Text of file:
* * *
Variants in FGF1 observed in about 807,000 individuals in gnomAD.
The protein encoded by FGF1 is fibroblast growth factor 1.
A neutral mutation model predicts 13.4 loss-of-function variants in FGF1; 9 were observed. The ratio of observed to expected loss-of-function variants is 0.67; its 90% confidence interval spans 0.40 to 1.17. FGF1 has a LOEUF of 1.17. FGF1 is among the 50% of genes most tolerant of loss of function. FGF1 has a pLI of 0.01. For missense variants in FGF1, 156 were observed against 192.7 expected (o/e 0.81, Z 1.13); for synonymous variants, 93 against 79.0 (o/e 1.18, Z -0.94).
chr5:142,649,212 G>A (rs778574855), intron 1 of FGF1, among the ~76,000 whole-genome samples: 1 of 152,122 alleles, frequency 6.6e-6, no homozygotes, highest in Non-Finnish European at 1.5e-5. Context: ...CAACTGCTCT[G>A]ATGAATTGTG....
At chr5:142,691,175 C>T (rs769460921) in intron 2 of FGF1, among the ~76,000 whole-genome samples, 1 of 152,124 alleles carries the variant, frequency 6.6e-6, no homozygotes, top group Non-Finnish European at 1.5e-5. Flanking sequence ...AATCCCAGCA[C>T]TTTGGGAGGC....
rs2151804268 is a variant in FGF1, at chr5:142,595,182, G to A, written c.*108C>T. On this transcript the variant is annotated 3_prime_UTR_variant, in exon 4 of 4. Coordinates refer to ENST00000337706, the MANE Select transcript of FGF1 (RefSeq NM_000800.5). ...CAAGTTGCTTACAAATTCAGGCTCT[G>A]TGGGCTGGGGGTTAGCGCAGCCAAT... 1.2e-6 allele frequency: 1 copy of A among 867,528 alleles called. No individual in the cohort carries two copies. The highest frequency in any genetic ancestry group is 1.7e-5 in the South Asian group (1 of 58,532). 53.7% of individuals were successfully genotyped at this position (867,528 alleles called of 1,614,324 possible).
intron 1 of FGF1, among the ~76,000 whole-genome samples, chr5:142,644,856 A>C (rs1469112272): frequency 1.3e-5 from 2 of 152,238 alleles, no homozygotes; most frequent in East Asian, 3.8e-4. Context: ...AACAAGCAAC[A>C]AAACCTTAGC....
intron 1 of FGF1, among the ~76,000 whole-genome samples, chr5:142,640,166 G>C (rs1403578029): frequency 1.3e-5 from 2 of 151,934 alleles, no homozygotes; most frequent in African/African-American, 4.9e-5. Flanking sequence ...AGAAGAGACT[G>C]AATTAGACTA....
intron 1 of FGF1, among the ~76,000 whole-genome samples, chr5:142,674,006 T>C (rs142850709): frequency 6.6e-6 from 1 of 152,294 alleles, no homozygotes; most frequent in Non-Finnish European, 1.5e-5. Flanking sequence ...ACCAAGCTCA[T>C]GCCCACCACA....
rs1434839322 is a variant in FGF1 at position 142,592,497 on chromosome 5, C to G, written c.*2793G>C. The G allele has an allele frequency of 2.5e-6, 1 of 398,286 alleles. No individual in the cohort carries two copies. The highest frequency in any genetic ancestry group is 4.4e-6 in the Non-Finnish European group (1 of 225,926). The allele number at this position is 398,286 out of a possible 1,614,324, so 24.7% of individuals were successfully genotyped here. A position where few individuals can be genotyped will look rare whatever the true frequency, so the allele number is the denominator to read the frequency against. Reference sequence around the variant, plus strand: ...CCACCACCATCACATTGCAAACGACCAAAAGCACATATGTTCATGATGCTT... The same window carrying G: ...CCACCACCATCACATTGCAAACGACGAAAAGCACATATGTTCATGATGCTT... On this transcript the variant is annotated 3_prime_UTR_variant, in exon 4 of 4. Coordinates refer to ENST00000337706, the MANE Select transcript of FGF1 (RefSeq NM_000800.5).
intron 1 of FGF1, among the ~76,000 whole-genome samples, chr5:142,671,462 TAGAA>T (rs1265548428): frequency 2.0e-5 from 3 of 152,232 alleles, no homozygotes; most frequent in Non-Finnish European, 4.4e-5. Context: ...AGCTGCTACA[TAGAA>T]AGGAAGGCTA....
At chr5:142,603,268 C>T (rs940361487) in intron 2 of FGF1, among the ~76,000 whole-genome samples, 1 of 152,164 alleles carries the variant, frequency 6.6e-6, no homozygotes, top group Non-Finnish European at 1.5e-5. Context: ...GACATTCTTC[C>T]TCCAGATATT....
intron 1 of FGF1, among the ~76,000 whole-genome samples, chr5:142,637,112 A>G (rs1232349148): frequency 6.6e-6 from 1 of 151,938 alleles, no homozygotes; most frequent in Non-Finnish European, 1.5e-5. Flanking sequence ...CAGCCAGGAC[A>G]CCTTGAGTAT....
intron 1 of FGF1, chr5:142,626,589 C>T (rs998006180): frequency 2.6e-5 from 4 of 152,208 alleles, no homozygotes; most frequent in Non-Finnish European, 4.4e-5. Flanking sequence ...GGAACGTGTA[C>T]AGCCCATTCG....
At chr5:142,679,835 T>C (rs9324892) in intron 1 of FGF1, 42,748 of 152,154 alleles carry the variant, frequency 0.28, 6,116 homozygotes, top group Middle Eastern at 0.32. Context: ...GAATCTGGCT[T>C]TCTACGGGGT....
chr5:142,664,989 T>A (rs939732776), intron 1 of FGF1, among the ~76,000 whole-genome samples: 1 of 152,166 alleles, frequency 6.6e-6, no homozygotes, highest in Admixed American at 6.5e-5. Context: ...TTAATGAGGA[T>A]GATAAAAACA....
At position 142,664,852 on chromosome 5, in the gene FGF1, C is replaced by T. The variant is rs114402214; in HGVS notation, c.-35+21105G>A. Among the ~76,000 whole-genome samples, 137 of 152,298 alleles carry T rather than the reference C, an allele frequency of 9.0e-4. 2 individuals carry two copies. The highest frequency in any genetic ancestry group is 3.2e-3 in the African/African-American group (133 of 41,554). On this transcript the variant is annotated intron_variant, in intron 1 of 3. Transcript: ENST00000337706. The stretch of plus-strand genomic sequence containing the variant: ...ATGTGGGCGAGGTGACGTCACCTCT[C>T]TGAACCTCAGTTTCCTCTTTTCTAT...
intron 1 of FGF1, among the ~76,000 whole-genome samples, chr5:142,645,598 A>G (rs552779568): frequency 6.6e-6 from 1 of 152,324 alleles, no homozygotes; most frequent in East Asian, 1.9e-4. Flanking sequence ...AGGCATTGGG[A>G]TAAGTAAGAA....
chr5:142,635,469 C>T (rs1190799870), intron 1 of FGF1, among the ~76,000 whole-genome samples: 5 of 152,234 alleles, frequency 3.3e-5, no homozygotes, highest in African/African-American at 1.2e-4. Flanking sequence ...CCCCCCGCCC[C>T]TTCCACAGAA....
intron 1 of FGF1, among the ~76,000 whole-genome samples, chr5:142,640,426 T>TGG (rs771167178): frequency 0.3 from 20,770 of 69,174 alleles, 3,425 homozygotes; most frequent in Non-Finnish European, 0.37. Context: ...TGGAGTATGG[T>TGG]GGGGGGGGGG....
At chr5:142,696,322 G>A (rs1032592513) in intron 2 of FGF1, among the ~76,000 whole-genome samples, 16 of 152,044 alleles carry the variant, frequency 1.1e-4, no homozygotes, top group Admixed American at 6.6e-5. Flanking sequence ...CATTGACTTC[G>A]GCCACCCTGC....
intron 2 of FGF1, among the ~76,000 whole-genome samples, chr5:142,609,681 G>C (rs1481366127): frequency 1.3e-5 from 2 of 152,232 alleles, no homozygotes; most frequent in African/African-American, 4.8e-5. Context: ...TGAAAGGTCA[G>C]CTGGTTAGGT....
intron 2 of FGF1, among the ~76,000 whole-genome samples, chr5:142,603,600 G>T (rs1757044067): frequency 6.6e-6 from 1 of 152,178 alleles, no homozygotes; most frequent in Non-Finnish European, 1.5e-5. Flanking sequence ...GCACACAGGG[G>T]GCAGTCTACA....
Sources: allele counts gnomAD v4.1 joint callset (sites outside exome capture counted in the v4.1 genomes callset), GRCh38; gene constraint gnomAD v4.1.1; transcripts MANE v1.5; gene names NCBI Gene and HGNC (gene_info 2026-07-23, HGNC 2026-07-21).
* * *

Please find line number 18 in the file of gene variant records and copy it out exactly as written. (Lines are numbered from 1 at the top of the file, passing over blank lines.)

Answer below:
intron 1 of FGF1, among the ~76,000 whole-genome samples, chr5:142,645,598 A>G (rs552779568): frequency 6.6e-6 from 1 of 152,324 alleles, no homozygotes; most frequent in East Asian, 1.9e-4. Flanking sequence ...AGGCATTGGG[A>G]TAAGTAAGAA....